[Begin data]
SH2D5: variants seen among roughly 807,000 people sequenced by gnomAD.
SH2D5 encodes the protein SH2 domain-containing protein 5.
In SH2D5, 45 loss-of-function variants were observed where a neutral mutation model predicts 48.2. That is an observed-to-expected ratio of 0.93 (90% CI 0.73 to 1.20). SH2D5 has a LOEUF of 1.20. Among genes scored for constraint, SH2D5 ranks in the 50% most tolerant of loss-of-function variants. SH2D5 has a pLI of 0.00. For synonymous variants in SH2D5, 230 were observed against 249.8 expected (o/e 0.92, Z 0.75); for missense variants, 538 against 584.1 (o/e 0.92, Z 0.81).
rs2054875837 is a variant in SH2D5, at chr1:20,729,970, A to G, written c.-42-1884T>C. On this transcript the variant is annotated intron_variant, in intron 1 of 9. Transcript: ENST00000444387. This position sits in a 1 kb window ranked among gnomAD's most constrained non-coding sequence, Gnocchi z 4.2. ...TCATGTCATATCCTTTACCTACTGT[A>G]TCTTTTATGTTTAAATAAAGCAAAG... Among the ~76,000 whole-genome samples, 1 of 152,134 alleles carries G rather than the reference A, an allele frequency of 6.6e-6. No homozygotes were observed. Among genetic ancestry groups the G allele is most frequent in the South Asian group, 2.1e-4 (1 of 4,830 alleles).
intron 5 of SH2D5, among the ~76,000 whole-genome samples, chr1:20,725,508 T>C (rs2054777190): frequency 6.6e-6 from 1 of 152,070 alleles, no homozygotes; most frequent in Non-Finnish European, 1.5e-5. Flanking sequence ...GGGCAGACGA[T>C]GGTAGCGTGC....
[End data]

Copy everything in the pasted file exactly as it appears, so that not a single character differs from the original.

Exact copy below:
SH2D5: variants seen among roughly 807,000 people sequenced by gnomAD.
SH2D5 encodes the protein SH2 domain-containing protein 5.
In SH2D5, 45 loss-of-function variants were observed where a neutral mutation model predicts 48.2. That is an observed-to-expected ratio of 0.93 (90% CI 0.73 to 1.20). SH2D5 has a LOEUF of 1.20. Among genes scored for constraint, SH2D5 ranks in the 50% most tolerant of loss-of-function variants. SH2D5 has a pLI of 0.00. For synonymous variants in SH2D5, 230 were observed against 249.8 expected (o/e 0.92, Z 0.75); for missense variants, 538 against 584.1 (o/e 0.92, Z 0.81).
rs2054875837 is a variant in SH2D5, at chr1:20,729,970, A to G, written c.-42-1884T>C. On this transcript the variant is annotated intron_variant, in intron 1 of 9. Transcript: ENST00000444387. This position sits in a 1 kb window ranked among gnomAD's most constrained non-coding sequence, Gnocchi z 4.2. ...TCATGTCATATCCTTTACCTACTGT[A>G]TCTTTTATGTTTAAATAAAGCAAAG... Among the ~76,000 whole-genome samples, 1 of 152,134 alleles carries G rather than the reference A, an allele frequency of 6.6e-6. No homozygotes were observed. Among genetic ancestry groups the G allele is most frequent in the South Asian group, 2.1e-4 (1 of 4,830 alleles).
intron 5 of SH2D5, among the ~76,000 whole-genome samples, chr1:20,725,508 T>C (rs2054777190): frequency 6.6e-6 from 1 of 152,070 alleles, no homozygotes; most frequent in Non-Finnish European, 1.5e-5. Flanking sequence ...GGGCAGACGA[T>C]GGTAGCGTGC....